Art July 17, 2014
Many of the world’s great minds came up with life-changing inventions and inspirations whilst in an altered state of consciousness — meaning they literally dreamt them up. From Isaac Newton to Archimedes, there are countless examples of inspiration that seemed to come from nowhere while the mind was doing something wholly unrelated. And yet the creativity lies within us; it is there but sometimes eludes us, slipping from our minds like water through our fingers.
How would it feel to be able to enter an altered state of consciousness (ASC) and not only retrieve those thoughts, but emerge refreshed, recharged and ready to create? You’re probably thinking I’m going to tell you about a meditation technique that you need to practice for many years, or a diet that forbids any tasty morsel touching your lips again. Fear not: this is easy and requires nothing more than five minutes and your ears.
Most people experience an ASC every day, like when we are daydreaming or driving.
Twenty years of research and development have led to the use of consciously designed therapeutic sound. The British Academy of Sound Therapy has championed research on the use of sound as a therapeutic tool since 1994, and throughout this time we have developed specific techniques that help relax the system and place the listener into a deep and yet controllable altered state of consciousness. Most people experience an ASC every day, like when we are daydreaming or driving from point A to point B, but not remembering chunks of the journey (scary but true!). This type of ASC is fleeting and hard to maintain, but might well have been the ASC that Archimedes and Newton slipped into when retrieving their world-changing ideas.
Another form of ASC can be induced by hallucinogens such as LSD, psilocybin (magic mushrooms) and MDMA, which can’t be easily controlled and of course isn’t currently legally available to prescribe. Meditation places people into an ASC but this method can take a long time to master and can be difficult to maintain when the mind is racing and our creativity is constantly pressurized by deadlines.
Research has shown that five minutes or more in an ASC…not only recharges the body and mind, but also reduces stress.
A sound-induced ASC is natural, gentle and doesn’t have to last hours. The listener is in full control. There are also no known harmful side effects and most people can enter an ASC without a great deal of effort.
Famous ASC artists include Hugh Jackman and Paul McCartney, who profess to enjoy slipping into a meditation-induced ASC on a regular basis. Research has shown that five minutes or more in an ASC, where the predominant brainwave frequency is Alpha or Theta, not only recharges the body and mind, but also reduces stress by lowering heart rate, respiration and blood pressure. As a result, it may help alleviate stress-related symptoms. It enables the listener to access the higher levels of consciousness that are connected with openness, art, nature, creativity, abstract thinking and positive mood.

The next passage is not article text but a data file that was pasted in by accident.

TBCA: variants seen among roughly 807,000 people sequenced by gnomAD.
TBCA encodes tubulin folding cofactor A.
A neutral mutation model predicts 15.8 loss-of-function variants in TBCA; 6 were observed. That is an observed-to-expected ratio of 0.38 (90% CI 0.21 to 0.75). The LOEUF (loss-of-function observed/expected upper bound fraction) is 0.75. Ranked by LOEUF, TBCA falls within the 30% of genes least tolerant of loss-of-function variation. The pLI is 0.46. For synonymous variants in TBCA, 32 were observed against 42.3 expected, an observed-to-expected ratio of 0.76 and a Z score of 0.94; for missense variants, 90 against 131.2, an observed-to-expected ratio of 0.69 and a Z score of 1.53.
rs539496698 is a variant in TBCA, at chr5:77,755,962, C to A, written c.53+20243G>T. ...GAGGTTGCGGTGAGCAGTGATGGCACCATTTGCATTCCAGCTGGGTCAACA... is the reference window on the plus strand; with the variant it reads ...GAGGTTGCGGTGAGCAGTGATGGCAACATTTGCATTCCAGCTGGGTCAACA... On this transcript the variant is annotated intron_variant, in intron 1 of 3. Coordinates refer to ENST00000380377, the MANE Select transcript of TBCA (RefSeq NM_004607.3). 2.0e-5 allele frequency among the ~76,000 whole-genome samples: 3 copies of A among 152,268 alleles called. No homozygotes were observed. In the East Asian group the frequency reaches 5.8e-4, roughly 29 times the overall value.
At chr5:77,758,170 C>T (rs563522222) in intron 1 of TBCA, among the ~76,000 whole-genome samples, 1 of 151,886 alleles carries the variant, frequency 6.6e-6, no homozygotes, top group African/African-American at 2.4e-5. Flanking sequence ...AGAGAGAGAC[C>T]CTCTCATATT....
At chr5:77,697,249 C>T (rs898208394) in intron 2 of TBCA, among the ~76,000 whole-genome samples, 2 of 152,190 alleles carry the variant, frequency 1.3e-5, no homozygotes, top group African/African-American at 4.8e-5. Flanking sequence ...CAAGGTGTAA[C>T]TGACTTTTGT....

Ideally we should spend two periods of at least five minutes in an ASC every day. We all have a built-in natural body clock and it’s been shown that 11:30 AM and 3 PM are when we can get the most from a sound-induced ASC “trip.” Instead of accessing ASC during these times, what do we usually do? Turn to caffeine, which forces our brainwaves to maintain Beta and even Gamma frequencies. Too much Beta without enough Alpha can cause burn-out.
You are aiming for the “between worlds” drifty feeling similar to the one just before sleep.
To prepare yourself you need a pair of good headphones or in-ear buds. Take a few deep breaths and close your eyes as this enables the brainwaves to slip into a lower frequency more easily. Search your music collection for open, spacious music without complex harmony or too much driving rhythm. You ideally need to choose tracks that are over five minutes long as this is the time it takes for your brainwaves to settle down. Do your best to stay conscious; you are aiming for the “between worlds” drifty feeling similar to the one just before sleep.
And for a deeper, scientifically backed ASC relaxation experience, click below. This piece was part of a research project looking at sound-induced ASC in relation to consciousness:
When you come back, take a few deep breaths, open your eyes and slowly bring yourself back to a more conscious state. Wiggle fingers and toes, stretch, stand up. You may feel a little spaced out or woozy, this is normal as your brainwaves are rebooting and coming back to a predominately more conscious, aware and alert state.
Sound-induced ASC is a newly emerging field and is set to be a major development in health and wellbeing. I am currently working on an innovative project to introduce creative and chill-out “sound-stations” for a well-known communications company, where employees can tune in to ASC by putting on headphones for a few minutes, emerging refreshed, relaxed and ready to create.
Follow @lyzcooper for more on sound therapy and creativity, and stay tuned for more on the topic of Musical Communication on the blog this month!